monks

MYANMAR PART 4: MANDALAY

MYANMAR PART 4: MANDALAY

Mandalay.

The name itself evokes images of exotic places, far away lands.  It's one of those magical names like Sahara, Amazon and Himalaya, which when I was growing up seemed to belong to places so distant and foreign and alien that they couldn't really exist.

Of course, as I got older, and as my fascination with travel got stronger and deeper, I realized that these places are all real and that with a little will power and dedication it was perfectly possible to actually go there and see them.  Even so, Mandalay is a place name that everyone knows (thanks mostly to Kipling's poem, Road To Mandalay but I knew very little about.  As I researched it for the trip, I began to realize more and more that it would be a fascinating place to spend some time, the spiritual heart of Burma, more monks and nuns as a ratio of the population than anywhere else in the country, three former capital cities in Mandalay, Amarapura and Inwe (two suburbs/towns to the south) and a city with a huge amount of traditional craft and trade.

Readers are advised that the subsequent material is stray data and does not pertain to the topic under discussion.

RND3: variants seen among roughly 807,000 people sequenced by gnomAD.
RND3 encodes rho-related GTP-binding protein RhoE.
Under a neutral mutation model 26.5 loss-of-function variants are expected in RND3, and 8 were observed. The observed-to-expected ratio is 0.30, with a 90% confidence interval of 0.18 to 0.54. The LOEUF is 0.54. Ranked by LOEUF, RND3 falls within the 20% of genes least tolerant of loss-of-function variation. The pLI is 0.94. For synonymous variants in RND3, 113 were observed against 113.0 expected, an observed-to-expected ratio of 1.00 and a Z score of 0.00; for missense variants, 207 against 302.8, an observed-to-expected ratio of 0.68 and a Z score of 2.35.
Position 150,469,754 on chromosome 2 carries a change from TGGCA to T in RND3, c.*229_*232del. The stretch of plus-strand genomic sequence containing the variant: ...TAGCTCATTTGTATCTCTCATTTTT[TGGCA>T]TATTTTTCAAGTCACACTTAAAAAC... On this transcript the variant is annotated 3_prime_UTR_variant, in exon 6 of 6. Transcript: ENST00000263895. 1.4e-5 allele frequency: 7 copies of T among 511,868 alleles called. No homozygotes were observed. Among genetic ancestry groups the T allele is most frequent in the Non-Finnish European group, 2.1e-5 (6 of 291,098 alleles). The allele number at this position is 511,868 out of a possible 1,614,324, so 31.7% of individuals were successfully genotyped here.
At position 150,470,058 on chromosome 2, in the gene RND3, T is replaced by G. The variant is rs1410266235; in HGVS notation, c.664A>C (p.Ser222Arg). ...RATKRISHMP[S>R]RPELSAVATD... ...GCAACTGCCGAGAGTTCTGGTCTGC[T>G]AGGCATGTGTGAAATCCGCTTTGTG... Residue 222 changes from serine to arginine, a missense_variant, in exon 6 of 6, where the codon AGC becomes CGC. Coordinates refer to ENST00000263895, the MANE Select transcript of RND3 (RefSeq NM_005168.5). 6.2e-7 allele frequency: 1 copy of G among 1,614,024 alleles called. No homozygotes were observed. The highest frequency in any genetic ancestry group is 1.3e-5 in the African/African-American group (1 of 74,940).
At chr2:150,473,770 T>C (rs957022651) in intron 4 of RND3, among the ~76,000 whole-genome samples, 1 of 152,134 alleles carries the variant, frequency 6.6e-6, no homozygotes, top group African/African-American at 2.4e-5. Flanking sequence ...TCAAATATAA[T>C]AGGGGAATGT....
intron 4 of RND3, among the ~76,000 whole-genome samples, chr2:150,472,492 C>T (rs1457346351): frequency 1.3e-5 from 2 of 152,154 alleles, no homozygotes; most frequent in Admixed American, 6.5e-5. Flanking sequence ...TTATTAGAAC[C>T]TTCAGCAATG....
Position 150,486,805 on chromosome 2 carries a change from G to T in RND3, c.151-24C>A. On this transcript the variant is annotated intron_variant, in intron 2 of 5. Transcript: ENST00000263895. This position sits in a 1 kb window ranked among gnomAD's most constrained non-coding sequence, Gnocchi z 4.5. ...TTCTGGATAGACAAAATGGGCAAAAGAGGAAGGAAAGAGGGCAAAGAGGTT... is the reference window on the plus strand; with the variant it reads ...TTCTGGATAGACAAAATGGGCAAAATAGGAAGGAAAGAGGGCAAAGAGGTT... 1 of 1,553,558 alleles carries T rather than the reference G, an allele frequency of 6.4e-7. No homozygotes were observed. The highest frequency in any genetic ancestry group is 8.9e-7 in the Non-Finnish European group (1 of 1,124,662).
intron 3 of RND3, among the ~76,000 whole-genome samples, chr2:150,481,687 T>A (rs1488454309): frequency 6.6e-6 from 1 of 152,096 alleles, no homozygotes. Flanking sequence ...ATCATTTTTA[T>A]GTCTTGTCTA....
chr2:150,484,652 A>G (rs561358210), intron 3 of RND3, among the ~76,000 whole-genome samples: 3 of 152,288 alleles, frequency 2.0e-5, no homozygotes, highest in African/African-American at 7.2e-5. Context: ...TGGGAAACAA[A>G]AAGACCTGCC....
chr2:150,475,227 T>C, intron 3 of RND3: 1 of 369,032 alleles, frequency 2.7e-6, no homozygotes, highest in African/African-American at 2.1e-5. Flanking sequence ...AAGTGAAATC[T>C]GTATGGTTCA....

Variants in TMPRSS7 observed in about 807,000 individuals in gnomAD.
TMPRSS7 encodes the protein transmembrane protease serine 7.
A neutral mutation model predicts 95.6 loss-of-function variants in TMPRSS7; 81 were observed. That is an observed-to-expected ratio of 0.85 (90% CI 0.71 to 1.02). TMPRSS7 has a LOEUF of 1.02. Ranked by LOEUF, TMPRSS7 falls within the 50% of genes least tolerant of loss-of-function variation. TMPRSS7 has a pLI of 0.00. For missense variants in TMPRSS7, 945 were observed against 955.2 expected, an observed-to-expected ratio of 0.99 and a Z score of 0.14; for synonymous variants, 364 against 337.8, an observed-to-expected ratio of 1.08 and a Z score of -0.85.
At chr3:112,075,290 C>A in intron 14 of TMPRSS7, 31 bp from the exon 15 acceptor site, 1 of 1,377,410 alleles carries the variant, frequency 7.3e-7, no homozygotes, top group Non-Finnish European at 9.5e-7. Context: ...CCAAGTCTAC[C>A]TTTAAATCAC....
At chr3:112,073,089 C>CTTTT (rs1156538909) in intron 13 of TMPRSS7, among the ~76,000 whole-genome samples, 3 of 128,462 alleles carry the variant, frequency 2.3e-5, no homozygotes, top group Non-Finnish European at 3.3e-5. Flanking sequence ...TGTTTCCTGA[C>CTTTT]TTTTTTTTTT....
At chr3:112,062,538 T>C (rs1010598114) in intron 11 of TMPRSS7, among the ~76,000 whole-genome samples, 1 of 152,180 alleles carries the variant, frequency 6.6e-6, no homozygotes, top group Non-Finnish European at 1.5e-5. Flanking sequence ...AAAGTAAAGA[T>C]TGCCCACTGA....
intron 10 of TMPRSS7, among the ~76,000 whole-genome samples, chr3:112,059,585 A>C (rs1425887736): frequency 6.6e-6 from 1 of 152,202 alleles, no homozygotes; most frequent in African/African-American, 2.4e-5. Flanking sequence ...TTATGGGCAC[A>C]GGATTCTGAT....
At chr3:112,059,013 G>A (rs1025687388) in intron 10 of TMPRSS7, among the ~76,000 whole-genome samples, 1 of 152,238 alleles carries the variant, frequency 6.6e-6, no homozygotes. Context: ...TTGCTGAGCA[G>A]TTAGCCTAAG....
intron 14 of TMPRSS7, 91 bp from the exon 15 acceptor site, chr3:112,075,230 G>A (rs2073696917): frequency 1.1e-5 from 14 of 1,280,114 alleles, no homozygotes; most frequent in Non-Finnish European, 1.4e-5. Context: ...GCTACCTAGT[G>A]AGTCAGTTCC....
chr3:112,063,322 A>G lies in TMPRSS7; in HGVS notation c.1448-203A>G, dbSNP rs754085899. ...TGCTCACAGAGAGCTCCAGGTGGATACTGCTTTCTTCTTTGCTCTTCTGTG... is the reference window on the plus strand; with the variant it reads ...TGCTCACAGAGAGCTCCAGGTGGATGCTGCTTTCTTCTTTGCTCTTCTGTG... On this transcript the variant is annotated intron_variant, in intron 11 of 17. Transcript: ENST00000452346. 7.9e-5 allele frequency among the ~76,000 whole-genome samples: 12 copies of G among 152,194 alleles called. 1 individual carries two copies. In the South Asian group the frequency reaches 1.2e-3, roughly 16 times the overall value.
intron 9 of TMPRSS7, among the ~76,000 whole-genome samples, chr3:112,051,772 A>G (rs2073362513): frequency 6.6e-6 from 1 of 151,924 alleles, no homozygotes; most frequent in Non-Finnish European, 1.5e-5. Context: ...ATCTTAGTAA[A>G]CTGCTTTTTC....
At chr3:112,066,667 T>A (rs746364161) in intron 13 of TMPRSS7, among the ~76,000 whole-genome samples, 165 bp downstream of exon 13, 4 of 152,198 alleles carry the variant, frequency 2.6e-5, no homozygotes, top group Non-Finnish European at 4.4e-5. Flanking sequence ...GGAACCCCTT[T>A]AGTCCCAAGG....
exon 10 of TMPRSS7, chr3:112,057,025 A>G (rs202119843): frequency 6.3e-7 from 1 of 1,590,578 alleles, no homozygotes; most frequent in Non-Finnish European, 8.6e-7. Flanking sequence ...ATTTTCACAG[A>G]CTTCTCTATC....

MYANMAR PART 2: GOLDEN ROCK

MYANMAR PART 2: GOLDEN ROCK

Golden Rock on the top of Mount Kyaiktiyo was a place in Burma I was determined to get to as soon as we decided to go to Burma. I'd seen Steve McCurry's photo of it years before and it just fascinated me, and even though it was pretty awkward to get there with the limited time we had in Yangon, I thought it would be worth it.

Of course, to see it at it's best you have to be there for sunset and sunrise, and that means staying overnight at the top, which proved to be easier said than done. There are a couple of small hotels next to the temple site, but before going we'd pretty much exhausted every means we had of booking a room.  We couldn't contact them at all via the telephone numbers and email addresses we had for them, but eventually a local travel agent (who we'd originally got in touch with to arrange internal flights) managed to arrange a room for us.